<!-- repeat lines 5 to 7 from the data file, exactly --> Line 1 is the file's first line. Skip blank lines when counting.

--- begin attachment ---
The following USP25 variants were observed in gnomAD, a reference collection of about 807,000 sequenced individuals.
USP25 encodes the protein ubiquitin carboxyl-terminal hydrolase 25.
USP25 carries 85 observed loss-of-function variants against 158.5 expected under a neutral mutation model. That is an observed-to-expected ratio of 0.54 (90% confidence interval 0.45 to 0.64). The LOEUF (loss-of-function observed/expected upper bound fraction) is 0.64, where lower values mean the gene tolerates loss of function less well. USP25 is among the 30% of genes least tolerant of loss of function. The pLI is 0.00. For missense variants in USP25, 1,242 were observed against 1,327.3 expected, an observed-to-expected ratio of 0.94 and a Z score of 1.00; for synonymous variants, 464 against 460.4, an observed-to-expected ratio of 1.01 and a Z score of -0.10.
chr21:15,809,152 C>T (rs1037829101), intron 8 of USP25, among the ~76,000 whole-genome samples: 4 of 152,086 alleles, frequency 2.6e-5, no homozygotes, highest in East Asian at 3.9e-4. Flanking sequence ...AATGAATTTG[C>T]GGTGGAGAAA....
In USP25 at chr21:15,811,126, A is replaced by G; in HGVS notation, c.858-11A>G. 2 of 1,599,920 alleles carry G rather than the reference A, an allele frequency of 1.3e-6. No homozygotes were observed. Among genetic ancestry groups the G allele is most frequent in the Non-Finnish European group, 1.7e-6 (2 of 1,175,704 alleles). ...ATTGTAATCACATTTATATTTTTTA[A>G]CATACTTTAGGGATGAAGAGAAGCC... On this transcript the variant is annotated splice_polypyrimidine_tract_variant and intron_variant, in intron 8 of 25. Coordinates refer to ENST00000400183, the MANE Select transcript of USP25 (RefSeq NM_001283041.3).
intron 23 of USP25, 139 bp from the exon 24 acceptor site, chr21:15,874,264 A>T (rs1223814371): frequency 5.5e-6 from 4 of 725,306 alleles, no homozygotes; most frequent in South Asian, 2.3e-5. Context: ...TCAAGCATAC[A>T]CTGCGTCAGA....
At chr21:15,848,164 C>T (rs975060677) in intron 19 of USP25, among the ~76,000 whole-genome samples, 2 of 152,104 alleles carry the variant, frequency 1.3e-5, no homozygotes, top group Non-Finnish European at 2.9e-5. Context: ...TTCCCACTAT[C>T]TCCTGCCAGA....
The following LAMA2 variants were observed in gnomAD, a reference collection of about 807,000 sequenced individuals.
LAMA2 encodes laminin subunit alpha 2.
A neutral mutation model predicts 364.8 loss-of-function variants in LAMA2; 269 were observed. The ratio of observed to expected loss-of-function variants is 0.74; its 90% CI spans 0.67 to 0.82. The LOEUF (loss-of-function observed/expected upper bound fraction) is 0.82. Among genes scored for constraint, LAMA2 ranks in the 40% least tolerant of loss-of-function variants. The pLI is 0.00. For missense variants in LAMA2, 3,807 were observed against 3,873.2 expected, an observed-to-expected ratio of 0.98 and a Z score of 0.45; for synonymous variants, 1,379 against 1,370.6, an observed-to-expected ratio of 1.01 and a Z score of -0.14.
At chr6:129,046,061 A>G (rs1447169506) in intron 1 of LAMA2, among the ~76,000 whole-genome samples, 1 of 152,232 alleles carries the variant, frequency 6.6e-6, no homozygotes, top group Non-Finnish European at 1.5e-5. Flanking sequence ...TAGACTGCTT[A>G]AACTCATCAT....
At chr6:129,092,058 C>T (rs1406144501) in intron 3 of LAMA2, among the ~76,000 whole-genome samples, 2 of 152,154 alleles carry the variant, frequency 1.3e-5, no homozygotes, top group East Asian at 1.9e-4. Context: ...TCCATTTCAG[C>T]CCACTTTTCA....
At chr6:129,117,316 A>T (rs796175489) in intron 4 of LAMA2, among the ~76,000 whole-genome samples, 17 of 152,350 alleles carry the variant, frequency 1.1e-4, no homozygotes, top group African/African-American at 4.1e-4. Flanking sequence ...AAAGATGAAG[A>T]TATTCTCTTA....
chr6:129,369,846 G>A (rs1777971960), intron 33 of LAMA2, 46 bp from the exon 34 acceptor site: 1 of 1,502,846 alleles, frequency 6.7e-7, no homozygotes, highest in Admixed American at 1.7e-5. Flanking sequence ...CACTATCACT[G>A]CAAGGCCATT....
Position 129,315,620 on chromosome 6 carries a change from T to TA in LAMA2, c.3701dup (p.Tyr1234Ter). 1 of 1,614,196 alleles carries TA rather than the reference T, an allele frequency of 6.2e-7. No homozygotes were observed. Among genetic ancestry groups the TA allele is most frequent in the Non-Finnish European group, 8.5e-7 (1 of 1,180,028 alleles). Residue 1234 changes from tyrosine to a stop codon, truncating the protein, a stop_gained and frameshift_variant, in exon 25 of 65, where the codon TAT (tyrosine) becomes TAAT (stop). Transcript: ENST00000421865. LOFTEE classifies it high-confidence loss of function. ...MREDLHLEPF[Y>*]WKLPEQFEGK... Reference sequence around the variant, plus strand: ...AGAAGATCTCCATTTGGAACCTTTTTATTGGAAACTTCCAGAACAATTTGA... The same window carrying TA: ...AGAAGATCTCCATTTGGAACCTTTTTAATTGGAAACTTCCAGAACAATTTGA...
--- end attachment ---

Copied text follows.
In USP25 at chr21:15,811,126, A is replaced by G; in HGVS notation, c.858-11A>G. 2 of 1,599,920 alleles carry G rather than the reference A, an allele frequency of 1.3e-6. No homozygotes were observed. Among genetic ancestry groups the G allele is most frequent in the Non-Finnish European group, 1.7e-6 (2 of 1,175,704 alleles). ...ATTGTAATCACATTTATATTTTTTA[A>G]CATACTTTAGGGATGAAGAGAAGCC... On this transcript the variant is annotated splice_polypyrimidine_tract_variant and intron_variant, in intron 8 of 25. Coordinates refer to ENST00000400183, the MANE Select transcript of USP25 (RefSeq NM_001283041.3).
intron 23 of USP25, 139 bp from the exon 24 acceptor site, chr21:15,874,264 A>T (rs1223814371): frequency 5.5e-6 from 4 of 725,306 alleles, no homozygotes; most frequent in South Asian, 2.3e-5. Context: ...TCAAGCATAC[A>T]CTGCGTCAGA....
At chr21:15,848,164 C>T (rs975060677) in intron 19 of USP25, among the ~76,000 whole-genome samples, 2 of 152,104 alleles carry the variant, frequency 1.3e-5, no homozygotes, top group Non-Finnish European at 2.9e-5. Context: ...TTCCCACTAT[C>T]TCCTGCCAGA....